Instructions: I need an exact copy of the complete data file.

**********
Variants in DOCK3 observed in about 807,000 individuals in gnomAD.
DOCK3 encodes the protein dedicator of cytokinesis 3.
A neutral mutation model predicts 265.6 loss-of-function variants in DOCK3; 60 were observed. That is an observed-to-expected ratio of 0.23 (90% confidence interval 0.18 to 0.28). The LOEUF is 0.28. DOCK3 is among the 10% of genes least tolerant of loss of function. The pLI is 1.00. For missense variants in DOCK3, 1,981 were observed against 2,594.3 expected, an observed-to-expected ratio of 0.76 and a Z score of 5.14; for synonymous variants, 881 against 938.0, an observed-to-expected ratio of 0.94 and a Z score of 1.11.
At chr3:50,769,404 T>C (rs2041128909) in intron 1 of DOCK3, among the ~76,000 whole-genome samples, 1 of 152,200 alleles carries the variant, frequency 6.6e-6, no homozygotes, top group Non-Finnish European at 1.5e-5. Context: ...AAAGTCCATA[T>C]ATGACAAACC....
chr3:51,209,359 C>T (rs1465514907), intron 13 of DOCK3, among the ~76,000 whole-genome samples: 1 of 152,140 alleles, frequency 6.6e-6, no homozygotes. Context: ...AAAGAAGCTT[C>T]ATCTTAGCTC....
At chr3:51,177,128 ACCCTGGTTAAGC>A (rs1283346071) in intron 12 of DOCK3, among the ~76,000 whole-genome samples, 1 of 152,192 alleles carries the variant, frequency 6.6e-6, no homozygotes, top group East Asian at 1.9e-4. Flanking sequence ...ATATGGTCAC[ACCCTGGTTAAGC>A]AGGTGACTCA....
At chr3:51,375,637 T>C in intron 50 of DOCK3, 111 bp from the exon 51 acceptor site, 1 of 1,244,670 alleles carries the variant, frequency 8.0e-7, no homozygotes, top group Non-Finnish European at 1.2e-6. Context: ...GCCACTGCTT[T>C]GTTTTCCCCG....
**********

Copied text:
Variants in DOCK3 observed in about 807,000 individuals in gnomAD.
DOCK3 encodes the protein dedicator of cytokinesis 3.
A neutral mutation model predicts 265.6 loss-of-function variants in DOCK3; 60 were observed. That is an observed-to-expected ratio of 0.23 (90% confidence interval 0.18 to 0.28). The LOEUF is 0.28. DOCK3 is among the 10% of genes least tolerant of loss of function. The pLI is 1.00. For missense variants in DOCK3, 1,981 were observed against 2,594.3 expected, an observed-to-expected ratio of 0.76 and a Z score of 5.14; for synonymous variants, 881 against 938.0, an observed-to-expected ratio of 0.94 and a Z score of 1.11.
At chr3:50,769,404 T>C (rs2041128909) in intron 1 of DOCK3, among the ~76,000 whole-genome samples, 1 of 152,200 alleles carries the variant, frequency 6.6e-6, no homozygotes, top group Non-Finnish European at 1.5e-5. Context: ...AAAGTCCATA[T>C]ATGACAAACC....
chr3:51,209,359 C>T (rs1465514907), intron 13 of DOCK3, among the ~76,000 whole-genome samples: 1 of 152,140 alleles, frequency 6.6e-6, no homozygotes. Context: ...AAAGAAGCTT[C>T]ATCTTAGCTC....
At chr3:51,177,128 ACCCTGGTTAAGC>A (rs1283346071) in intron 12 of DOCK3, among the ~76,000 whole-genome samples, 1 of 152,192 alleles carries the variant, frequency 6.6e-6, no homozygotes, top group East Asian at 1.9e-4. Flanking sequence ...ATATGGTCAC[ACCCTGGTTAAGC>A]AGGTGACTCA....
At chr3:51,375,637 T>C in intron 50 of DOCK3, 111 bp from the exon 51 acceptor site, 1 of 1,244,670 alleles carries the variant, frequency 8.0e-7, no homozygotes, top group Non-Finnish European at 1.2e-6. Context: ...GCCACTGCTT[T>C]GTTTTCCCCG....